A presentation of Dance, Music and Fashion of different dynasties of Myanmar Set in Kinsana Garden Theatre

15 October 2014 - 31 March 2015 7 PM. to 9 PM. US$ 38.00 per person Dinner & Show

Bagan Dynasty: AD. 1044-01287
It is the beginning of Myanmar literature. Five forms of instruments-Brass, String and Wind instruments-were played in religious and other ceremonial occasions. Music flourished in Bagan Period thanks to Buddhism.

Pinya Dynasty: After the Fall of Bagan and before the foundation of Innwa. (afterAD-1364)
After the death of King Narathihapate, who fled for the lower Myanmar after the Mongol invasion, Pinya was built by a Shan officer and lasted only for six decades. The songs composed during this period were mainly martial songs which were sung during army parade. Big drums and symbols were played. The songs were poems rather than lyrics. The kings themselves wrote the songs known as ‘Kar- Chin’. Kar-Chins were sung while the soldiers were dancing with Kar which means shields. Kar-Chin means songs danced with shields.

Inn-wa Dynasty: Myanmar literature flourished from 1364 A.D.

There were many more string instruments and brass gongs that came into use. In praise of the nats or guardian spirits, the medium danced and sang songs.

Taungoo Dynasty: In 1526 A.D,
a Shan King Tho-Han-Bwa raided Inn-wa and many Buddhist monks and scholars had to flee for Taungoo situated in the south. Myanmar culture developed in this period. Songs were composed in praise of the king, the forests, boys and girls, and fine weather. Operas came into existence and received the patronage of the royal court.

Nyaungyan Dynasty:
Also known as the second Inn-wa period, for the kings of the dynasty resided in Inn-wa(Ava) in the sixteenth century. Songs in praise of spirits were written. Royal Orchestras performed in the palace.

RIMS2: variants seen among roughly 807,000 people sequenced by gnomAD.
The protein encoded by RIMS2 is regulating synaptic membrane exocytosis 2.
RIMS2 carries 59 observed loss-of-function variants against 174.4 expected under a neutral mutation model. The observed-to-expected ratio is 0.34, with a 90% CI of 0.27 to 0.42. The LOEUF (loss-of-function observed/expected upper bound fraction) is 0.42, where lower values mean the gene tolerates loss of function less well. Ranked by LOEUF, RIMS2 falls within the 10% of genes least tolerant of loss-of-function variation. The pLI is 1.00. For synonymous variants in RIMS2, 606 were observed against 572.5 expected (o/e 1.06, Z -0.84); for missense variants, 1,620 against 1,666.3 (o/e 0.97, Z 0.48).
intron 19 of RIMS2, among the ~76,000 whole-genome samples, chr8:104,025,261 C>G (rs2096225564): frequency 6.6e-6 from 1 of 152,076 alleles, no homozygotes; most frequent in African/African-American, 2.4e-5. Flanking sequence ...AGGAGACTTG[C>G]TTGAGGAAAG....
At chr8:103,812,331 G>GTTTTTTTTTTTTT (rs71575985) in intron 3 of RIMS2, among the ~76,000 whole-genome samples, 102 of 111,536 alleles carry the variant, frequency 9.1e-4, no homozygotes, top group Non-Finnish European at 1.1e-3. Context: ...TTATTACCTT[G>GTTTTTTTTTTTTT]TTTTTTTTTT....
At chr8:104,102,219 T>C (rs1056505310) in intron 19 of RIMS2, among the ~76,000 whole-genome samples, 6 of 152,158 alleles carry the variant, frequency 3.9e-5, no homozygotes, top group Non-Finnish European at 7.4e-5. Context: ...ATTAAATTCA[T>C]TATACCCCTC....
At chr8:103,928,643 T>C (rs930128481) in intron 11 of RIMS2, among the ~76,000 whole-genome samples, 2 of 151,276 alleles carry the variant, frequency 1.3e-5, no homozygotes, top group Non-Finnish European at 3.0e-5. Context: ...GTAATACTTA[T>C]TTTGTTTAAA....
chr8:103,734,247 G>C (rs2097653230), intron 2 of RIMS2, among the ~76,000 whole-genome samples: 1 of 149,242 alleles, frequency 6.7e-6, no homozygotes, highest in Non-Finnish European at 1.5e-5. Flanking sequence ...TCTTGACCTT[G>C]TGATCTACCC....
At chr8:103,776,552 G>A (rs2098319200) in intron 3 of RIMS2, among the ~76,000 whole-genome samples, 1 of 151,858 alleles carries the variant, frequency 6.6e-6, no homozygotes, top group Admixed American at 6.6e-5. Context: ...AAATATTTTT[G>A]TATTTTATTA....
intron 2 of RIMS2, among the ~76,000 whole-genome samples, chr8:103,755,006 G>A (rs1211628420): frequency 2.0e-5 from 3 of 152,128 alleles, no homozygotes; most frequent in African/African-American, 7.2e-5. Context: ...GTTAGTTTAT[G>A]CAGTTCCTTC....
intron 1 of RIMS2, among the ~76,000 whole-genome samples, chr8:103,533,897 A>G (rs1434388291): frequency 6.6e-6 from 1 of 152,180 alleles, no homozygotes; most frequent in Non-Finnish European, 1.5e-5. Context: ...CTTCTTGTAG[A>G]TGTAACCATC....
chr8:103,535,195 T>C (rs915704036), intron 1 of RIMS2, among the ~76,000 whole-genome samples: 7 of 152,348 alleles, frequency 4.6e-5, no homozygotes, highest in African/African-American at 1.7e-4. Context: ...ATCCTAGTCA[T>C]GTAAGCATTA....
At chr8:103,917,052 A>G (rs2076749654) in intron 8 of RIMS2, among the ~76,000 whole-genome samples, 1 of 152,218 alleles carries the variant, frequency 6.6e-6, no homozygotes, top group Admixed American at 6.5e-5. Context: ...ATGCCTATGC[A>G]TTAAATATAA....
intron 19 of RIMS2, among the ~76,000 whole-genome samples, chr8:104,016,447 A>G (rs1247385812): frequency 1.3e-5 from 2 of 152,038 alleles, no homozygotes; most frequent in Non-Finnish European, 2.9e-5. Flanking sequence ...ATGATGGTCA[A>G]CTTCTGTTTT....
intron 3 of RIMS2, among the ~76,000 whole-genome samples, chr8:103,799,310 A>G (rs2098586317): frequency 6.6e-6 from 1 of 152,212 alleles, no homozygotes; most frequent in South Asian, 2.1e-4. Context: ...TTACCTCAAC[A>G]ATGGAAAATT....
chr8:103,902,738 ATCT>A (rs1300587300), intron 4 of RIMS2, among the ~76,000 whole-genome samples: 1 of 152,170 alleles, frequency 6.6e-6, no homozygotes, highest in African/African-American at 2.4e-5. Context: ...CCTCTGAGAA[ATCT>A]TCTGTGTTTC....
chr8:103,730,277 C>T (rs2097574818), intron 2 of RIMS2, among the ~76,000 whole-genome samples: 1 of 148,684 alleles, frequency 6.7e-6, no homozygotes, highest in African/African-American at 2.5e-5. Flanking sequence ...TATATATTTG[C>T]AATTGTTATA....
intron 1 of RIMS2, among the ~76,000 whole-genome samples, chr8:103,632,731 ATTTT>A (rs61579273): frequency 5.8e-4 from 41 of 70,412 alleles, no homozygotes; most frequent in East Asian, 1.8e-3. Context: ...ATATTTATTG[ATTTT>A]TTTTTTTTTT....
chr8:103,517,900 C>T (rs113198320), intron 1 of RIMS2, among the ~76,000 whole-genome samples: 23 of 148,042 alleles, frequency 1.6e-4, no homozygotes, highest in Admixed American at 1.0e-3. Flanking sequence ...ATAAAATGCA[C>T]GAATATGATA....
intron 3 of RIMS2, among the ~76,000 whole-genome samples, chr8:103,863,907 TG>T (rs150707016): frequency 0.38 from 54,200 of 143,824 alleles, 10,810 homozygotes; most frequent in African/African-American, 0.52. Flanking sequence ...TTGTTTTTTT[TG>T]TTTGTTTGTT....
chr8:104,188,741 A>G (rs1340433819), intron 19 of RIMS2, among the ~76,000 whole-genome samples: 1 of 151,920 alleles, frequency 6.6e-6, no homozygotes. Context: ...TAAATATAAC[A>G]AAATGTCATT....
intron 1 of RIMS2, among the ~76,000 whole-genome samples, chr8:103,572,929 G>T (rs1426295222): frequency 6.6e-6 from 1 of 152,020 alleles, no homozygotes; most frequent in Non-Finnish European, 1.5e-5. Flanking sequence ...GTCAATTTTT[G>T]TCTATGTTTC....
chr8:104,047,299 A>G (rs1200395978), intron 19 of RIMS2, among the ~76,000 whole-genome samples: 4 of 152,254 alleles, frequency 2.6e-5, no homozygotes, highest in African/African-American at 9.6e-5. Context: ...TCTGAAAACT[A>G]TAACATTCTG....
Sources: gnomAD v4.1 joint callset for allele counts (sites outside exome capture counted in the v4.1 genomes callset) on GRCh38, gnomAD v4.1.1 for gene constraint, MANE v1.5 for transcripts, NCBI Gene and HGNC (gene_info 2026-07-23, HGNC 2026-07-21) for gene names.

Kongbaung Dynasty: (1752-1885)
After the fall of the Nyangyan dynasty, King Alaungphaya was- able to reorganize the country. When King

Bayinthaung captured Ayuthia, many Siamese artisans and musicians were brought to Myanmar. The victory was celebrated with Thai music and dance. The Siamese form of Ramayana was translated in 1763. In 1809 A.D. the first Siamese style Myanmar song was written.

Colonial Period: (Around 1870-1948 A.D)
The classical form of music known as Mahagita, started to fade away. The composers who enjoyed Royal patronage had to offer their talent to the public. Their songs became theme songs of the operas and other forms of performances. The gramophone and radio were introduced in Myanmar.

Post Independence: (After 1948)
After Myanmar Independence of 1948 the Myanmar Government took the lead to improve all theatrical entertainments; Daw Oba Thaung who was the first instructor of dance at the State school of Music (Pantaya kyaung) improvised the Gabya-lut Dance as a basic of all Myanmar dance. Gabya-lut means Dance with no song; There are 125 steps in the Gabya-lut Dance and if one masters the Gabya-lut Dance they can perform any kind of Myanmar dance without difficulty.
The evening finishes with Thingyan Water Festival and the famous folk dance of U Shwe Yoe and Daw Moe.